Click on the title of this posting and you'll be taken to an Arab News story about a group of women who intend to appear next week at voter registration stations in Jeddah, Riyadh,  and the Eastern Province. Eligible voters will begin registering for the Kingdom's upcoming municipal elections, set for September, 2011. Women have not yet been granted the right to vote in Saudi Arabia. The women plan to demand the right to register as voters.

One of the organizers of this effort states that  women need the vote in Saudi Arabia in order to advance the cause of women's rights, including the 'women-driving' issue.

Sunday, April 17, 2011

Women drivers - Arab News Letters to the Editor

On April 16th and 17th, two letters to the editor of the Arab News weighed in on the issue of Saudi women driving.

First, we have one Mohammed Abdul Majid writing from Hyderabad, India. Mr. Abdul Majid thinks the current situation is preferable to what would happen if Saudi women were permitted to drive. These are many of the same arguments that have been given over the years. I was just going to link to it, but am posting it here so you can read the first letter and then the response.

It is very clear from the response of the Saudi women quoted in the report that most of them don’t want to risk their lives by taking to the roads. Having chauffeurs or the so-called “sawwak khaas” or what we call an all-time house driver, makes it more convenient for them to go out, anywhere at any time.

Just imagine how the situation would be, if we have women drivers:
— We will have to have lady police personnel at all the checkpoints of the country to check the lady drivers in case of any suspicion as some ladies cover their faces at all times.
— We will have to have lady instructors at car driving schools and lady inspectors at license issuing departments.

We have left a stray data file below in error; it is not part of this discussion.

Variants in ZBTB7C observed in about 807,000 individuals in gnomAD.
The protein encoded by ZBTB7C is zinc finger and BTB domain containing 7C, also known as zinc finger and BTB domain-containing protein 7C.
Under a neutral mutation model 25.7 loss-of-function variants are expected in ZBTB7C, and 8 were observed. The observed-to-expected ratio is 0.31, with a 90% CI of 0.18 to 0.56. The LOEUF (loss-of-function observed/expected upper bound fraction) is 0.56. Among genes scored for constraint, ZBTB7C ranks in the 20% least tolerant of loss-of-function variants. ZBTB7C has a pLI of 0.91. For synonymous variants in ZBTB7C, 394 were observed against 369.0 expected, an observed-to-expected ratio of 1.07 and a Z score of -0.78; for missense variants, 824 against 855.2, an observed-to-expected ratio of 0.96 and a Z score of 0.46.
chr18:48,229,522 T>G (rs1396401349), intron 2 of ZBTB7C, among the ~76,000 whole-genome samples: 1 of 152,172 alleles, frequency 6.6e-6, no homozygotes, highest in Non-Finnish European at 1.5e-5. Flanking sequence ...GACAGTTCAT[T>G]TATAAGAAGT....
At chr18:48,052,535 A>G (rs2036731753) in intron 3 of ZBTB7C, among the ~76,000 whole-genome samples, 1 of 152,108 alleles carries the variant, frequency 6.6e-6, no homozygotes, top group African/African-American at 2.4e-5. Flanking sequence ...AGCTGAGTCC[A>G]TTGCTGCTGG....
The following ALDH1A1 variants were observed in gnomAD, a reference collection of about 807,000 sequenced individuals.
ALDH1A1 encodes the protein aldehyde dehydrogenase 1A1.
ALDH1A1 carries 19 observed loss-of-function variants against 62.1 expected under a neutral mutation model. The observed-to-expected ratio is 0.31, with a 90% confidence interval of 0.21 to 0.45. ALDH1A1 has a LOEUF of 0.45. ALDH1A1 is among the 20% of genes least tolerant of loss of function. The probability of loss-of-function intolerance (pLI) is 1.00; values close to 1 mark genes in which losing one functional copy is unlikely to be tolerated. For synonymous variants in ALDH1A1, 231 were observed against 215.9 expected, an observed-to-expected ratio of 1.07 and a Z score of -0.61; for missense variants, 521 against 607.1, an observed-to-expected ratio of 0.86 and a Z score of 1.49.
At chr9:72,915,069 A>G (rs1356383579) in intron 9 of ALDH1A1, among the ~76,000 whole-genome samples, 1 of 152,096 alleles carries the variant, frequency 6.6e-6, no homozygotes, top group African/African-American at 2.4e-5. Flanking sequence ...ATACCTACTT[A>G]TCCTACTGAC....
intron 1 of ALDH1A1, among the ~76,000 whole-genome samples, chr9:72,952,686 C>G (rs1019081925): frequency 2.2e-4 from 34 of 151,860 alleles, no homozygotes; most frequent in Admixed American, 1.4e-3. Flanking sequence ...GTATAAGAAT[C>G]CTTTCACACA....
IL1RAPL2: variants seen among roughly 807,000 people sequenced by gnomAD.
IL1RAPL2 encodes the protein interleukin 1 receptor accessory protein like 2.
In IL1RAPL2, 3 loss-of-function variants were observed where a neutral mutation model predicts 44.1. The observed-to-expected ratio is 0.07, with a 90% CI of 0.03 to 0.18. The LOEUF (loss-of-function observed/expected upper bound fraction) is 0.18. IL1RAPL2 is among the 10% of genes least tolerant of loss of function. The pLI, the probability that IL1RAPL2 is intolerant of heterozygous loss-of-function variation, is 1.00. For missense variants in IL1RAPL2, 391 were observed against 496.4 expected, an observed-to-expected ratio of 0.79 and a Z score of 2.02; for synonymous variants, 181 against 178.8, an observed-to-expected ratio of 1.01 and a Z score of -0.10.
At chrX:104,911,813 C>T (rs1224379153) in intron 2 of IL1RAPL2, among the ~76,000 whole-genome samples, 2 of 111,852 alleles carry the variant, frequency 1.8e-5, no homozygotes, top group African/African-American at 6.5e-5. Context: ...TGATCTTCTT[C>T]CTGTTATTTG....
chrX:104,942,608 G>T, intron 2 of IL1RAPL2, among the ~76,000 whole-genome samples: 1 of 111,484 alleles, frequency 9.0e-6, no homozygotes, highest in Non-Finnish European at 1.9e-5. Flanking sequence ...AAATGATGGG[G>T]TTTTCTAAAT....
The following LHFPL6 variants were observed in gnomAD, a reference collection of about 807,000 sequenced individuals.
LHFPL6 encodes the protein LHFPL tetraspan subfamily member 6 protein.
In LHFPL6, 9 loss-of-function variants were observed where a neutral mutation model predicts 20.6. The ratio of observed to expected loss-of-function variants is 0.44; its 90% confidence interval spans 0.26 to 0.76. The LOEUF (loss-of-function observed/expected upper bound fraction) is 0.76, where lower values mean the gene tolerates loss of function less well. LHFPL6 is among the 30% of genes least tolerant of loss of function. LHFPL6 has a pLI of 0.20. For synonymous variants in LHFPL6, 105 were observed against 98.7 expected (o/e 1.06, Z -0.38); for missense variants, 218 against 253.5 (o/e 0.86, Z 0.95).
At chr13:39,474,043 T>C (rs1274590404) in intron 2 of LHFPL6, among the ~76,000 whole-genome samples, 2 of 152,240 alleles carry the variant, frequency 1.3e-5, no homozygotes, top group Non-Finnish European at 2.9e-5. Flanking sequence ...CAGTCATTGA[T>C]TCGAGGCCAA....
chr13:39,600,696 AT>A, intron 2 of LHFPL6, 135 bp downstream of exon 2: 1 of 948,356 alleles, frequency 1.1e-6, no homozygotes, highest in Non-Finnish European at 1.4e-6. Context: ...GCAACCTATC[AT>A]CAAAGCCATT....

— If ladies are given driving licenses, there could be a sharp increase in the number of accidents.
— It would be a big risk for a pregnant woman to drive.
— Already the capacity of roads is not enough to cope with the increasing number of vehicles in the Kingdom. If licenses are issued to women, obviously we would see an increase in the number of cars being purchased and that would create new problems.
So in my opinion we should follow the advice of religious leaders in this respect and your report makes it clear that Saudi women are not keen on driving. So let the situation continue as it is.

Link to Mohammed's letter

Alwee H. Attas of Jeddah responds....

After reading Mohammed Abdul Majid’s letter about women driving or not driving in Saudi Arabia (April16), I concluded that women are the major cause of traffic accidents in the Indian city of Hyderabad.

So he should launch a campaign to have a ban imposed on women driving in his country.
We in the Kingdom have many women who are unemployed, and by allowing women to drive, we could create job opportunities for our women, or is Abdul Majid against the very idea of women working? The number of Saudi women not wanting to drive can be counted in fingers. A majority seeks to drive but somebody living in Hyderabad seems to know more about our women than us.

Link to Alwee's letter

Wednesday, April 13, 2011

Not all Saudi women seeking to drive cars

Rima al-Mukhtari writes in the Arab News about women in Saudi Arabia who don't want to drive. This article is a great summary of all the arguments some women make about why they  don't want to drive. It is only in the reader comments that someone brings up the point that, fine, if you don't want to drive no one will force you. But why hold back the many women in Saudi Arabia who do want to drive? As always, the Arab News has great reporters who are out and about covering this multi-faceted story.  To read Rima's story, click on the title of this post.

While I do support women driving, I want to share with you, in a graphic way, why many women and families in Saudi Arabia are hesitant about women taking to the roads. It's the young male drivers. The picture below says it all.

Sunday, April 3, 2011

Education key to women's rights - Tala Al-Hejailan

Powerful op-ed piece in the Arab News today by Tala Al-Hejailan about the issue of women's rights and human rights in Saudi Arabia. She touches on the issue of women driving, noting that she is alarmed that so many women in Saudi Arabia are taking part in petitions that are against social change including women driving. Her overall argument is that the education system in Saudi Arabia needs radical reform, and that change is a must. To read her article, click on the title.